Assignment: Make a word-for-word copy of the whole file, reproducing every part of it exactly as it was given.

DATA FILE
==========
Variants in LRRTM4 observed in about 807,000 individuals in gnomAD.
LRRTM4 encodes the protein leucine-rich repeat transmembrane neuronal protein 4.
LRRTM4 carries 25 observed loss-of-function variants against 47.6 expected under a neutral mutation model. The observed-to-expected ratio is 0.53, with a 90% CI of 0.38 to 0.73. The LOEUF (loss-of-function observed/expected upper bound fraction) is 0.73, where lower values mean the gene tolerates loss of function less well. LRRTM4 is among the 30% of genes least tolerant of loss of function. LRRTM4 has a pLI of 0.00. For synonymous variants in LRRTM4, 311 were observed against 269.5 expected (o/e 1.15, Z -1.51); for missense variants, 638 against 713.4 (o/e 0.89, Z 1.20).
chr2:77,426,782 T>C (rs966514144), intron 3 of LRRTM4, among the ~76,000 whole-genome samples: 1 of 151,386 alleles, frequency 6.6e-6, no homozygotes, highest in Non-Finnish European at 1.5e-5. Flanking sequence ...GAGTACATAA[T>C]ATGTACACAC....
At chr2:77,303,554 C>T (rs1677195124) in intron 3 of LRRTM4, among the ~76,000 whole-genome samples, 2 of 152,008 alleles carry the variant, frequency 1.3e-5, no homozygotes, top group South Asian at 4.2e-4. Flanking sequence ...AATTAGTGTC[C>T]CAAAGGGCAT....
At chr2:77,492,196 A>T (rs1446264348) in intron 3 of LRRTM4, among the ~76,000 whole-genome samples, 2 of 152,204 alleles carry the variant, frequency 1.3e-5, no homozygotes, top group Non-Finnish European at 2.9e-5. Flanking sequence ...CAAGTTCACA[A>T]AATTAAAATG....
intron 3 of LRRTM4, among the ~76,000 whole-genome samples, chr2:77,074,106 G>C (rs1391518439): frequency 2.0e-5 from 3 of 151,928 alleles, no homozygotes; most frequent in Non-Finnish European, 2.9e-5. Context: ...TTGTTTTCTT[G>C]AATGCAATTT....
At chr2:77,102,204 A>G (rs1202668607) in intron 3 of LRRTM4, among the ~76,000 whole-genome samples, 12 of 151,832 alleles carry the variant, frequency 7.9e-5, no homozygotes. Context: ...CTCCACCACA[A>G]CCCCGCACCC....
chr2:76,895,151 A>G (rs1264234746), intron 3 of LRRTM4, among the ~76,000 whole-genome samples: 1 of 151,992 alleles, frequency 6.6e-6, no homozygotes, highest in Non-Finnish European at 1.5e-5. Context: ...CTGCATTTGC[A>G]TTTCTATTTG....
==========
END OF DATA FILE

Variants in LRRTM4 observed in about 807,000 individuals in gnomAD.
LRRTM4 encodes the protein leucine-rich repeat transmembrane neuronal protein 4.
LRRTM4 carries 25 observed loss-of-function variants against 47.6 expected under a neutral mutation model. The observed-to-expected ratio is 0.53, with a 90% CI of 0.38 to 0.73. The LOEUF (loss-of-function observed/expected upper bound fraction) is 0.73, where lower values mean the gene tolerates loss of function less well. LRRTM4 is among the 30% of genes least tolerant of loss of function. LRRTM4 has a pLI of 0.00. For synonymous variants in LRRTM4, 311 were observed against 269.5 expected (o/e 1.15, Z -1.51); for missense variants, 638 against 713.4 (o/e 0.89, Z 1.20).
chr2:77,426,782 T>C (rs966514144), intron 3 of LRRTM4, among the ~76,000 whole-genome samples: 1 of 151,386 alleles, frequency 6.6e-6, no homozygotes, highest in Non-Finnish European at 1.5e-5. Flanking sequence ...GAGTACATAA[T>C]ATGTACACAC....
At chr2:77,303,554 C>T (rs1677195124) in intron 3 of LRRTM4, among the ~76,000 whole-genome samples, 2 of 152,008 alleles carry the variant, frequency 1.3e-5, no homozygotes, top group South Asian at 4.2e-4. Flanking sequence ...AATTAGTGTC[C>T]CAAAGGGCAT....
At chr2:77,492,196 A>T (rs1446264348) in intron 3 of LRRTM4, among the ~76,000 whole-genome samples, 2 of 152,204 alleles carry the variant, frequency 1.3e-5, no homozygotes, top group Non-Finnish European at 2.9e-5. Flanking sequence ...CAAGTTCACA[A>T]AATTAAAATG....
intron 3 of LRRTM4, among the ~76,000 whole-genome samples, chr2:77,074,106 G>C (rs1391518439): frequency 2.0e-5 from 3 of 151,928 alleles, no homozygotes; most frequent in Non-Finnish European, 2.9e-5. Context: ...TTGTTTTCTT[G>C]AATGCAATTT....
At chr2:77,102,204 A>G (rs1202668607) in intron 3 of LRRTM4, among the ~76,000 whole-genome samples, 12 of 151,832 alleles carry the variant, frequency 7.9e-5, no homozygotes. Context: ...CTCCACCACA[A>G]CCCCGCACCC....
chr2:76,895,151 A>G (rs1264234746), intron 3 of LRRTM4, among the ~76,000 whole-genome samples: 1 of 151,992 alleles, frequency 6.6e-6, no homozygotes, highest in Non-Finnish European at 1.5e-5. Context: ...CTGCATTTGC[A>G]TTTCTATTTG....